Creatively Thinking: Don’t be afraid of the thesaurus

I think a lot of writers are afraid of using a thesaurus.

Or maybe it was just me avoiding thesauruses all those years because I thought I should have all the words in the universe in my head already somehow.

It wasn’t only my pride keeping me from using one. I also avoided thesauruses because one of the biggest lessons we learned in journalism 101 was K.I.S.S.

No, our professors were not trying to be inappropriate.

It’s an acronym for Keep It Simple, Stupid.

What that means, obviously, is to write what you mean and don’t add extra words.

Or don’t keep adding a sentence to over-explain what you’ve already explained.

Or don’t use large words to further elucidate your thoughts.

There is no need to keep illuminating your opinion by adding words that are completely supererogatory or superfluous.

So, yeah.

I think you get the intellection I was going for. *wink*

And you can also tell I used the thesaurus for this blog post.

Using a thesaurus can help enhance your writing but it can also make you sound like a pretentious snob, so my advice is to use the thesaurus with care ( or, in other words, caution, guardedness, prudence, or circumspection.)

Using it too much can also completely muddy what point you hoped to get across in the first place.

I don’t use a thesaurus all the time, mainly because I can’t spell the word thesaurus, but also because I try to keep to my old college class acronym in the back of my mind at all times while I writing, even when I’m writing fiction.

Actually, I don’t think there is a need to complicate sentences with voluminous words in fiction at all.

This will go against the KISS rule here a bit, (by adding more than I need to to this post) but after Googling the term and how it relates to writing, I discovered the term was actually used first as a design principle by the US Navy in 1960. According to the not-always-correct Wikapedia.com: “The KISS principle states that most systems work best if they are kept simple rather than made complicated; therefore, simplicity should be a key goal in design, and unnecessary complexity should be avoided.”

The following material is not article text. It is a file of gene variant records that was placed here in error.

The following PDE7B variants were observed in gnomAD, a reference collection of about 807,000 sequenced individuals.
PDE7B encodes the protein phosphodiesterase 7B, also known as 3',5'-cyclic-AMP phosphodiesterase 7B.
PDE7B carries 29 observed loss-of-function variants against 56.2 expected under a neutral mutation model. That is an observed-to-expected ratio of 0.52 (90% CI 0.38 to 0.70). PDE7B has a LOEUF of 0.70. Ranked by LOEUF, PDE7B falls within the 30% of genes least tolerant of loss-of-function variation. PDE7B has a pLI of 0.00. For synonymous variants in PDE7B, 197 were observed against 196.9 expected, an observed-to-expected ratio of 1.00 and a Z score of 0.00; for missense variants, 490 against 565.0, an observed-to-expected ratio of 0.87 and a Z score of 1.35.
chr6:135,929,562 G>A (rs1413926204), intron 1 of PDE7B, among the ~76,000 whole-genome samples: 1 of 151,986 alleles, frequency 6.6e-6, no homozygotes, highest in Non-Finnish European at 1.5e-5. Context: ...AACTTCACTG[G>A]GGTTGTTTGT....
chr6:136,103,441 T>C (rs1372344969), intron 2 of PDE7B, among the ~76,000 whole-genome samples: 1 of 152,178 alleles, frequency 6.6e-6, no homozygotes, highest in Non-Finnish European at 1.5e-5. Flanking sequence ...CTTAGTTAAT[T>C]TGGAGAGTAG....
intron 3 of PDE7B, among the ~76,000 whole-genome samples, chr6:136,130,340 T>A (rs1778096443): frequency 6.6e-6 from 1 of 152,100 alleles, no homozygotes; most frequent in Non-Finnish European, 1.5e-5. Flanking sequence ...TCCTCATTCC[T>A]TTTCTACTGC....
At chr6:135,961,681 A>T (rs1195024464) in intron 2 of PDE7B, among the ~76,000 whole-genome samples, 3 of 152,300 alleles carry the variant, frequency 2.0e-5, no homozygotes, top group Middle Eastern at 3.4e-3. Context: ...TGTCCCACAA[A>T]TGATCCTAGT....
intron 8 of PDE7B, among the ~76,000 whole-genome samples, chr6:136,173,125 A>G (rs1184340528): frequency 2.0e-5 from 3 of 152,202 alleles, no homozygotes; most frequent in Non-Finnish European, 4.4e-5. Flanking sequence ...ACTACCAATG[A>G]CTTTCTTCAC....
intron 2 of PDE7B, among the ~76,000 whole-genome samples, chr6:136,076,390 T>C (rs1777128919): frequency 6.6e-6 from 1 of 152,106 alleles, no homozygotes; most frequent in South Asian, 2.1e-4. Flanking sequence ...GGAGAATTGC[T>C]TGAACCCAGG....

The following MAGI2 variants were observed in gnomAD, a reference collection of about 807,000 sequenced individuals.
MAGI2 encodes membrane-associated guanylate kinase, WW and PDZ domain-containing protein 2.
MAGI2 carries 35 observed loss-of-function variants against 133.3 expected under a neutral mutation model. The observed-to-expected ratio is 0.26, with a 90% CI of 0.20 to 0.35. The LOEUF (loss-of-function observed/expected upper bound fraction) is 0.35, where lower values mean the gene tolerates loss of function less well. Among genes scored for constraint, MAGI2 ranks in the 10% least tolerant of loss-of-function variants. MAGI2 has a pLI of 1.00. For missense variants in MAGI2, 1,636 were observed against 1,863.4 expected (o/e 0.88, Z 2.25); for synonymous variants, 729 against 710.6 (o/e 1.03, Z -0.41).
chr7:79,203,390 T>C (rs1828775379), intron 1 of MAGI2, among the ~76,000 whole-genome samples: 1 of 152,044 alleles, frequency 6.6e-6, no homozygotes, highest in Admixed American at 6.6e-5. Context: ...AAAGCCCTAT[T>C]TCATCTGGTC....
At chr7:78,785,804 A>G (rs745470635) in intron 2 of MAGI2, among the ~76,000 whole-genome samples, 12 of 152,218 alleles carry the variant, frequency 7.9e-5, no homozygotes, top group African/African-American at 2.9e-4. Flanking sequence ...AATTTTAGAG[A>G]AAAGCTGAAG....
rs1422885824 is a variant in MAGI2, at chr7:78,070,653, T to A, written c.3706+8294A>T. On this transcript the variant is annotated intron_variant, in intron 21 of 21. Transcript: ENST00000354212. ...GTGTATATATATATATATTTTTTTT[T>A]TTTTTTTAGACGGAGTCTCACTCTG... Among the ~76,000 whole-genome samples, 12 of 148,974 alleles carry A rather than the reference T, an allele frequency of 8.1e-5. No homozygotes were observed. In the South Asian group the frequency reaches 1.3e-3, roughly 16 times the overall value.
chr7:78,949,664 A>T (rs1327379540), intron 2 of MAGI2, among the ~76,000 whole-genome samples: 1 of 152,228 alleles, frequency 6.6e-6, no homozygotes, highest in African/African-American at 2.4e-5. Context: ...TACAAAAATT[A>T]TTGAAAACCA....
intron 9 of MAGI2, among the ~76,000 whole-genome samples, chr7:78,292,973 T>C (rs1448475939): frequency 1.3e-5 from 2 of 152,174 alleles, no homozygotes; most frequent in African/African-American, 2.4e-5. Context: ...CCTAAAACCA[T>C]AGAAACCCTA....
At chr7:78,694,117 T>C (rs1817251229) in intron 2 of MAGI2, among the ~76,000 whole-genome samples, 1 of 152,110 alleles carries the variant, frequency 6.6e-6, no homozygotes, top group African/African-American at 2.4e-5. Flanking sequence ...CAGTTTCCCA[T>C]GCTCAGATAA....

Other phrases associated with the acronym, which could also work for writing, include “Keep It Short and Simple”, “Keep it Simple and Straightforward”, “Keep It Small and Simple,” or even “Keep It Stupid Simple.”

So, the bottom line is that why you are keeping it simple, don’t be afraid to shake things up a bit with your language so you can avoid redundancy in your prose. B

ut at the same time, don’t go too crazy with that thesaurus, okay?

 

 

Written by Lisa R. Howeler

As a writer, photographer and former journalist, Lisa R. Howeler writes a little bit about everything on her blog Boondock Ramblings. She self-published her first novel, A Story to Tell, in September 2019 on Amazon. She's a wife and a mother and enjoys a good John Wayne movie and a cozy Jan Karon book. She's also a freelance writer and photographer who is a contributor to various stock agencies, including Lightstock and Alamy. Her photography work focuses on documentary and photojournalism.

23 comments

  1. I sat through a basic writing class recently. A woman read her essay. She’d said the same thing over and over about four times, but with synonyms. The class was enraptured and impressed; I felt like I’d driven through a suburb, watching the same strip mall zip by four times.

    Liked by 1 person

  2. One of the reasons I began writing in retirement was because I was struggling more and more to find the words I knew were in there somewhere (that is, in that pea soup that my memory has become).
    I love logic puzzles, like sudoku and codewords, but the language side of my brain has been under-achieving memory-wise since well before retirement.